Canada’s Brookfield Asset Management Inc plans to put in about Rs 7,000 crore ($1.04 billion) into a planned joint venture with State Bank of India that will invest in distressed assets, India’s largest lender said on Wednesday.
Brookfield and SBI join a raft of companies looking to invest in stressed assets that the Reserve Bank of India estimates has touched $120 billion, or 11.5% of local banks’ total loans, as corporate borrowers—especially in infrastructure and commodities sectors—struggle to repay debts.
US private equity firm JC Flowers & Co plans to float a joint venture with investment bank Ambit Holdings Pvt Ltd and Kotak Mahindra Bank has launched a $525 million fund with Canada Pension Plan Investment Board to invest in stressed assets. Financial services firm SREI Alternative Investment Managers Ltd and Piramal Enterprises Ltd are also looking to float funds to invest in stressed companies.
International Finance Corporation, the World Bank’s private investment arm and an active investor in India, has set up platforms with Hong Kong-based investment management firm ADM Capital and global alternative investments firm Apollo Global to invest in stressed assets in Asia and emerging markets.
SBI said in a statement that, as per an initial pact signed with Brookfield, the bank will contribute up to 5% of the total investments into stressed assets. The proposed JV may, at a later stage, seek participation from other lenders in the identified assets.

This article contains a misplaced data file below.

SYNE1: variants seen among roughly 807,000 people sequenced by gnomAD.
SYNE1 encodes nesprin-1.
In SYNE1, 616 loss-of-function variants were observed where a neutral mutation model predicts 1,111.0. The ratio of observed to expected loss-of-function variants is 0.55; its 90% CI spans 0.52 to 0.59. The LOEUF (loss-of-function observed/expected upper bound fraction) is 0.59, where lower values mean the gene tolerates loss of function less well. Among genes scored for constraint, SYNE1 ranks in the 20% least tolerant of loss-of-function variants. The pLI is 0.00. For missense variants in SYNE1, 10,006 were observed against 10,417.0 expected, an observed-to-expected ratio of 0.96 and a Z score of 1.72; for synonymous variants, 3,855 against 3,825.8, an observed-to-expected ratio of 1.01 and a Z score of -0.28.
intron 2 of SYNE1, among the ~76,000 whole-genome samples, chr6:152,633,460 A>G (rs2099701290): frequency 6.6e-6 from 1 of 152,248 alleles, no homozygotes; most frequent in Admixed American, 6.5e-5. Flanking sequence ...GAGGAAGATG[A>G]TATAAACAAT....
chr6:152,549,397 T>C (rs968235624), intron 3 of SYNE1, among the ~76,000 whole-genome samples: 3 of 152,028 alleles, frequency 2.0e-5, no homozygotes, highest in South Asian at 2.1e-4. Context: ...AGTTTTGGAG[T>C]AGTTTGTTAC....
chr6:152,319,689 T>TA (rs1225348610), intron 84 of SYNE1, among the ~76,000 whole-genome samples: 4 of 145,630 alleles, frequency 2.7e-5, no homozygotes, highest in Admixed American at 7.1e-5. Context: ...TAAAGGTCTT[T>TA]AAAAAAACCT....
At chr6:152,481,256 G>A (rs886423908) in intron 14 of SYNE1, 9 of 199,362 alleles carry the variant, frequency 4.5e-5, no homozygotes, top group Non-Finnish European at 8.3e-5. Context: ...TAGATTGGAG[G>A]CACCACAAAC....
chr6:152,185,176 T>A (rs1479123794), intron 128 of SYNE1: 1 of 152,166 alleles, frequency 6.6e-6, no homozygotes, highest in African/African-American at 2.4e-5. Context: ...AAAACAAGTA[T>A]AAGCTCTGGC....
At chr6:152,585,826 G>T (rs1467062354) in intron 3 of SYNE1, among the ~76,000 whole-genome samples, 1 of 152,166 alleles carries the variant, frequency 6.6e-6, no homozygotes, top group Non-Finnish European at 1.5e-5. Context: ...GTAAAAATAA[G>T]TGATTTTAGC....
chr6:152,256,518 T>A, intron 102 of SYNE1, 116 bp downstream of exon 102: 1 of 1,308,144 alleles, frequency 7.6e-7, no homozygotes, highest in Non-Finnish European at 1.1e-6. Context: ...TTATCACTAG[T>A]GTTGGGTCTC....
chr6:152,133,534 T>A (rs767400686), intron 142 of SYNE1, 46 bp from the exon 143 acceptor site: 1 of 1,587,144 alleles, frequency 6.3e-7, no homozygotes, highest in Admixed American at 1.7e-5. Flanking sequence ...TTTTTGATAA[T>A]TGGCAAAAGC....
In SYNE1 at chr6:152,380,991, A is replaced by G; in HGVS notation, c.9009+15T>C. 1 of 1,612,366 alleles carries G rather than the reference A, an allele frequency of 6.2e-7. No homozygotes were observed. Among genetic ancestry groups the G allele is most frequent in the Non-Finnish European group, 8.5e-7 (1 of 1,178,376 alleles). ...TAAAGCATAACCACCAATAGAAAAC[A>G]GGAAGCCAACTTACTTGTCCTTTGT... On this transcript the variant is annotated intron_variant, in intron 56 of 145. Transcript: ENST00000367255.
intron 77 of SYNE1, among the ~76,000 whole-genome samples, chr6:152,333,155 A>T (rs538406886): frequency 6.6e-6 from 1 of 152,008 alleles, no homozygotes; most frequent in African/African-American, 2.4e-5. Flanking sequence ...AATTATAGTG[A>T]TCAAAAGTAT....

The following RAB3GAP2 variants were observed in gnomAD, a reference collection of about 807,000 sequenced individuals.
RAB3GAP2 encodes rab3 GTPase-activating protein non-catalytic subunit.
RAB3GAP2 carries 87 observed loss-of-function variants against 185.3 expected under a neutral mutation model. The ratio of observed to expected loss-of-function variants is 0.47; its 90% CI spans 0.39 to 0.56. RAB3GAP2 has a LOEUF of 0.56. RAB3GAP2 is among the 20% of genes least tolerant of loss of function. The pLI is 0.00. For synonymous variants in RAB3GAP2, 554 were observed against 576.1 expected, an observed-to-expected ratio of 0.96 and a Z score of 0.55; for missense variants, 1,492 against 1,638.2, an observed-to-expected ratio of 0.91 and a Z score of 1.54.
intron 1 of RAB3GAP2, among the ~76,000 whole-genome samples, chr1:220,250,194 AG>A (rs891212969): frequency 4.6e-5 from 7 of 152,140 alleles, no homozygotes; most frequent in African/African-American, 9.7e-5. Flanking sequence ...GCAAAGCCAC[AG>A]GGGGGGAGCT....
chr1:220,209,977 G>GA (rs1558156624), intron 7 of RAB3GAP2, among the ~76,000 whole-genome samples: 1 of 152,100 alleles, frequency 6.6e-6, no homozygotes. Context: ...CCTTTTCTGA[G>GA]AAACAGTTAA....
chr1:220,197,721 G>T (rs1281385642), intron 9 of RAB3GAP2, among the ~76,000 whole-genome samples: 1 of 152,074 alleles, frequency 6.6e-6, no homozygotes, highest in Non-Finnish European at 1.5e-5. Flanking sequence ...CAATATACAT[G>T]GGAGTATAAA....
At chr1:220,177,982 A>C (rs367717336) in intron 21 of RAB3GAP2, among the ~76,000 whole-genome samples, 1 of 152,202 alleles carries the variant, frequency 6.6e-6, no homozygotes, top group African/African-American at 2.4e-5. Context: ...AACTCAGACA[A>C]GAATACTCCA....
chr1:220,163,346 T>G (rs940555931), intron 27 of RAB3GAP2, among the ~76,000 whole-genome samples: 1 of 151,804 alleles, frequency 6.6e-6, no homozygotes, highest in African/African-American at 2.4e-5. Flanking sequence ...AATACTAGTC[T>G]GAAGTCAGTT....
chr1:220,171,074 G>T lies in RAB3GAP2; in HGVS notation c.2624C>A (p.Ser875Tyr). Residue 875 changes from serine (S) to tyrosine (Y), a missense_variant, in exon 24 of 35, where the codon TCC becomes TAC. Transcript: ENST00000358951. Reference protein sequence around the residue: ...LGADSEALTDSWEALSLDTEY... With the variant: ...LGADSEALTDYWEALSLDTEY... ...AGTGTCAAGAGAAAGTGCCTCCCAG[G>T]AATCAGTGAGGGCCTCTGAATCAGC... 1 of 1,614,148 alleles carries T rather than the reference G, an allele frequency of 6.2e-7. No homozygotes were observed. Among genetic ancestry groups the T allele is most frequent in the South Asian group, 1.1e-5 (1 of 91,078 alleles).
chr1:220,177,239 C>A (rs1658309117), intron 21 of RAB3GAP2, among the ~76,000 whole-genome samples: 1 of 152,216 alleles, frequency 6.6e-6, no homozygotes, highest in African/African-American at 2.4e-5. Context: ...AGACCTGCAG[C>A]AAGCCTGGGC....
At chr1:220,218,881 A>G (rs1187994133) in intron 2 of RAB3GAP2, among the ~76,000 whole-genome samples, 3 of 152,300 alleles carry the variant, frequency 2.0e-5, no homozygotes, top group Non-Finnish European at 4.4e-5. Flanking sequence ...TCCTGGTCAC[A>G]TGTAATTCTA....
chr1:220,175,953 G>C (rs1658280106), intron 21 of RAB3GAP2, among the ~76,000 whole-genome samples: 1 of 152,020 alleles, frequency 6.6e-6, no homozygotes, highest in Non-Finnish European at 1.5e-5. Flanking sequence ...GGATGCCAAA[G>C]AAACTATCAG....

The JV will independently evaluate and invest in stressed assets, and will rely upon Brookfield’s operational expertise to manage recapitalized businesses.
SBI chairperson Arundhati Bhattacharya said the move will enable banks in general and SBI, in particular, to find alternate solutions to deal with stressed assets. Such an approach will be more acceptable to both the lenders and the borrowers in cases where the promoters are unable to infuse funds and lenders are reluctant to take additional exposure, she added.
For the Canadian company, this JV will expand its private equity platform in the country, said Anuj Ranjan, head of Brookfield India.
The announcement comes days after Brookfield closed its largest-ever infrastructure fund that raised $14 billion.
Brookfield invests in India out of its global funds and has struck two deals in the country in the past two years. It acquired some road assets from Gammon Infrastructure Projects Ltd in August last year and bought a majority stake in a string of industrial parks in Delhi-NCR from Unitech group in 2014.
The company had also come in as an anchor investor in Core Infrastructure India Fund Pte Ltd, an India-focused infrastructure private equity fund floated by Kotak Mahindra Group, in 2013.
Brookfield has about $240 billion of assets under management globally across property, renewable energy, infrastructure and private equity segments.
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